The Employee Rights Act (ERA) is back. Rep. Phil Roe (R-TN) recently reintroduced the ERA, the most comprehensive update to American labor law since the Taft-Hartley Act of 1947. Last session, 170 members of Congress co-sponsored the legislation, including 33 U.S. senators. (Learn more here.)
The ERA protects workers from abusive union leadership with eight pro-employee reforms. Among other provisions, the bill would require secret ballot union elections and allow employees to periodically re-assess their union representation. Less than 10 percent of union members ever voted for the union currently “representing” them. Those who did were not guaranteed the right to a private vote. Moreover, union officials are not required to hold recertification elections, which leaves many employees “represented” by union officials they never even voted for. The ERA would make every union vote a private one and make it easier for employees to leave an out-of-touch union.
Less than one percent of local unions get voted out each year. Yet polling shows that 75 percent of current and past union members have a negative view of union leadership, suggesting that decertification rates should be much higher. The system is broken.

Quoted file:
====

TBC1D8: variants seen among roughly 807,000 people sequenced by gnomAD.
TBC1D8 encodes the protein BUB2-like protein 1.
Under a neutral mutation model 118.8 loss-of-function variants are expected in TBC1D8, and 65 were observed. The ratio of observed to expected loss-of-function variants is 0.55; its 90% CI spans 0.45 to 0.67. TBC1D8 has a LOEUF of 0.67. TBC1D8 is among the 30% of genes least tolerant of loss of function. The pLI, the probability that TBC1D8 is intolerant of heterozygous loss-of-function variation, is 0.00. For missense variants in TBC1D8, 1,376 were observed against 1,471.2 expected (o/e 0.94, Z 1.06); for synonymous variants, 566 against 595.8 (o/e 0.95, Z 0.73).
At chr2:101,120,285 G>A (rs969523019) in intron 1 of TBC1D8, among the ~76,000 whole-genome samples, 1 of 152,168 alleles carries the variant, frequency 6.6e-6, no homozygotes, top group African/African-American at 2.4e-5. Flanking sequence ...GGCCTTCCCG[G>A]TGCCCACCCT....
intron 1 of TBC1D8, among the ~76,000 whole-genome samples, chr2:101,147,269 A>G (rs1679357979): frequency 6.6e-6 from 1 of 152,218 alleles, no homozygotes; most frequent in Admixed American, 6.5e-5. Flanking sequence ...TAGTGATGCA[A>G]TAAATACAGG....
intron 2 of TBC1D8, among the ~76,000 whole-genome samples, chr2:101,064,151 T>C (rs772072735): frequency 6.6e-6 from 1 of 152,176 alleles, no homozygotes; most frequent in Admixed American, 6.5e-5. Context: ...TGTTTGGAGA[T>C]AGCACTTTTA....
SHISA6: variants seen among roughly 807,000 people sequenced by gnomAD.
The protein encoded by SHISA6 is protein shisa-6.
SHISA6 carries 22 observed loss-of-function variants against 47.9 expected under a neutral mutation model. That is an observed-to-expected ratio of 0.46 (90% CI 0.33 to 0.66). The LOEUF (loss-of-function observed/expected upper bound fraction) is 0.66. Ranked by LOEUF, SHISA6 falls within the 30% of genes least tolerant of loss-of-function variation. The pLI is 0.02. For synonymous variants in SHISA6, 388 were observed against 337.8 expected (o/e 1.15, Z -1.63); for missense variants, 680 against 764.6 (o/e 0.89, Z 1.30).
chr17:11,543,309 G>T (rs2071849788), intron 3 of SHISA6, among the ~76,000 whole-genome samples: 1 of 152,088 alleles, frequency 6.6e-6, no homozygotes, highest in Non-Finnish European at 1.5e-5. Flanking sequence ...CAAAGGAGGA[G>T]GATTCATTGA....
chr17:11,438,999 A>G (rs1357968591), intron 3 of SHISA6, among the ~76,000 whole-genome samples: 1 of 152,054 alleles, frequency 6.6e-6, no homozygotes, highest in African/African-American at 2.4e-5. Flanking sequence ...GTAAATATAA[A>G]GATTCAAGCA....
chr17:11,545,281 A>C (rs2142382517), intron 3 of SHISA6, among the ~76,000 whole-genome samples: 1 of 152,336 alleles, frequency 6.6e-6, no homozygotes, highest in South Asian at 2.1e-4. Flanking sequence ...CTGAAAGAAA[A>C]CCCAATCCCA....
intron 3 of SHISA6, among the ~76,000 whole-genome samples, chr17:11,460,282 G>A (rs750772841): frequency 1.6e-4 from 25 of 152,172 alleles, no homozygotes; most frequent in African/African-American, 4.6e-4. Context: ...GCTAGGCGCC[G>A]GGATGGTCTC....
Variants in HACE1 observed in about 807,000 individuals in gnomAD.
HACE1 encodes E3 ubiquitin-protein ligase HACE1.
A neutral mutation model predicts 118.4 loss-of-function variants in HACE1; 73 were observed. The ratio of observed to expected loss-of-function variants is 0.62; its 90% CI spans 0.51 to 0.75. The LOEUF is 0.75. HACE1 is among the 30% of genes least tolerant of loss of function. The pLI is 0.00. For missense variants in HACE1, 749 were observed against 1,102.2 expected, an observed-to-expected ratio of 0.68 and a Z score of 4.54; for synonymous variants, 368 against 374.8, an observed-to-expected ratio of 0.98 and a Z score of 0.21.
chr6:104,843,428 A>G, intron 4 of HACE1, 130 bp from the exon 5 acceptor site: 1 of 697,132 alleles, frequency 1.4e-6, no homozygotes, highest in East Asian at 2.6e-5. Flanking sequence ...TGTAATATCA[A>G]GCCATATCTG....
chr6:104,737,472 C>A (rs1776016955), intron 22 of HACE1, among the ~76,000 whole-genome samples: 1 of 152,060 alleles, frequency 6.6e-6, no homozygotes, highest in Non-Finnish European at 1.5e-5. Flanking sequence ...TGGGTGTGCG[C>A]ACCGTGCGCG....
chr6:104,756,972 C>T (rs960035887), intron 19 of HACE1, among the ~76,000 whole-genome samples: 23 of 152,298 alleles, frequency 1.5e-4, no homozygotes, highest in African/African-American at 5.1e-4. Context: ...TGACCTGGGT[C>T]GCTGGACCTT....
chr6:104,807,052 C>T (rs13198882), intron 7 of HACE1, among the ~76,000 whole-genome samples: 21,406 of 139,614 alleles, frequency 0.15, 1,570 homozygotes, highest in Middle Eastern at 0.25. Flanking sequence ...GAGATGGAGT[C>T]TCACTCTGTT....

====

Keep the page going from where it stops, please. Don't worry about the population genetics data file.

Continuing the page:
The ERA would also prevent union officials from spending member dues on political advocacy without prior approval. Since 2012, union officials have sent more than $530 million to the Democratic Party and liberal special interest groups, even though 40 percent of those in union households vote Republican in any given election cycle. The bill would allow employees to have an affirmative say before funding political advocacy efforts they might not agree with.
Union-backed liberal think tanks like the Economic Policy Institute (EcPI) predictably attack the ERA, criticizing a provision that requires union officials to win the support of the majority of all eligible workers before unionizing a workplace. But their criticism doesn’t pass the smell test. Voting for a union isn’t like voting for a member of Congress. Unlike regular voters, employees are deciding whether to have monthly dues taken out of their paycheck, so union representation is a much more directly personal issue than electoral voting. Regular voters also have a guaranteed opportunity to vote for their members of Congress every two years. Employees have no such option in a union workplace. When less than one percent of unions get voted out despite high disapproval, employees need more legal protections.
National and regional polls show that 80 percent of those in union households support the ERA’s key provisions. The bill is so popular that the Heritage Foundation, Americans for Prosperity, Freedom Foundation, and Workplace Fairness Institute have already endorsed it. As Congressman Roe says: “The Employee Rights Act isn’t pro- or anti-union, it’s a common-sense measure to ensure a transparent and fair workplace.”
Congress, let’s make it happen.